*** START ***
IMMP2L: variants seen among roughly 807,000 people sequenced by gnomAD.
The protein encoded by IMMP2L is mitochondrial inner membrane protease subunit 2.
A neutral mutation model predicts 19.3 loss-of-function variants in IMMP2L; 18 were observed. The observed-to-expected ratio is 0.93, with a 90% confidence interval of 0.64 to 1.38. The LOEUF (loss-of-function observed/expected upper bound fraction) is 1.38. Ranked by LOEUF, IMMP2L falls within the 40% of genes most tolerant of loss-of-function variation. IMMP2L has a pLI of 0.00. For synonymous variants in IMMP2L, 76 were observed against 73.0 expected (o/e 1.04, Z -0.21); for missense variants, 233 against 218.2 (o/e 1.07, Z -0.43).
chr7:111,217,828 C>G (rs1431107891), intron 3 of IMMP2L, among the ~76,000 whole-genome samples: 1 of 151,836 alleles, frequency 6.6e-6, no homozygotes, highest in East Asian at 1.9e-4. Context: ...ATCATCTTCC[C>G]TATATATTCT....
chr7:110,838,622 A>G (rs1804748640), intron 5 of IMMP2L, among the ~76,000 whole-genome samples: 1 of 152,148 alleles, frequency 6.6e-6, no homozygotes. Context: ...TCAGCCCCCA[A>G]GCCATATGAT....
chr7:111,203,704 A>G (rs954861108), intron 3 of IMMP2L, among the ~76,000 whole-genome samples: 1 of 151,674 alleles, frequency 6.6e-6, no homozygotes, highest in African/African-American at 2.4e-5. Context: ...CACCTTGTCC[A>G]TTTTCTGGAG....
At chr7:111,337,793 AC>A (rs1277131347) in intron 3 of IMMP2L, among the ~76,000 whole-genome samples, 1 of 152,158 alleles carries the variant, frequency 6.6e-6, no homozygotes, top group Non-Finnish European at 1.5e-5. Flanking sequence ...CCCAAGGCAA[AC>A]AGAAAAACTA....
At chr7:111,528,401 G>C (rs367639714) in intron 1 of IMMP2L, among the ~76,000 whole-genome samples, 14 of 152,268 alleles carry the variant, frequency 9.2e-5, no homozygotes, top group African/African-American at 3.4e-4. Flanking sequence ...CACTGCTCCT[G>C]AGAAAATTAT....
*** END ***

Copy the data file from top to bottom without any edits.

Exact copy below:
IMMP2L: variants seen among roughly 807,000 people sequenced by gnomAD.
The protein encoded by IMMP2L is mitochondrial inner membrane protease subunit 2.
A neutral mutation model predicts 19.3 loss-of-function variants in IMMP2L; 18 were observed. The observed-to-expected ratio is 0.93, with a 90% confidence interval of 0.64 to 1.38. The LOEUF (loss-of-function observed/expected upper bound fraction) is 1.38. Ranked by LOEUF, IMMP2L falls within the 40% of genes most tolerant of loss-of-function variation. IMMP2L has a pLI of 0.00. For synonymous variants in IMMP2L, 76 were observed against 73.0 expected (o/e 1.04, Z -0.21); for missense variants, 233 against 218.2 (o/e 1.07, Z -0.43).
chr7:111,217,828 C>G (rs1431107891), intron 3 of IMMP2L, among the ~76,000 whole-genome samples: 1 of 151,836 alleles, frequency 6.6e-6, no homozygotes, highest in East Asian at 1.9e-4. Context: ...ATCATCTTCC[C>G]TATATATTCT....
chr7:110,838,622 A>G (rs1804748640), intron 5 of IMMP2L, among the ~76,000 whole-genome samples: 1 of 152,148 alleles, frequency 6.6e-6, no homozygotes. Context: ...TCAGCCCCCA[A>G]GCCATATGAT....
chr7:111,203,704 A>G (rs954861108), intron 3 of IMMP2L, among the ~76,000 whole-genome samples: 1 of 151,674 alleles, frequency 6.6e-6, no homozygotes, highest in African/African-American at 2.4e-5. Context: ...CACCTTGTCC[A>G]TTTTCTGGAG....
At chr7:111,337,793 AC>A (rs1277131347) in intron 3 of IMMP2L, among the ~76,000 whole-genome samples, 1 of 152,158 alleles carries the variant, frequency 6.6e-6, no homozygotes, top group Non-Finnish European at 1.5e-5. Flanking sequence ...CCCAAGGCAA[AC>A]AGAAAAACTA....
At chr7:111,528,401 G>C (rs367639714) in intron 1 of IMMP2L, among the ~76,000 whole-genome samples, 14 of 152,268 alleles carry the variant, frequency 9.2e-5, no homozygotes, top group African/African-American at 3.4e-4. Flanking sequence ...CACTGCTCCT[G>C]AGAAAATTAT....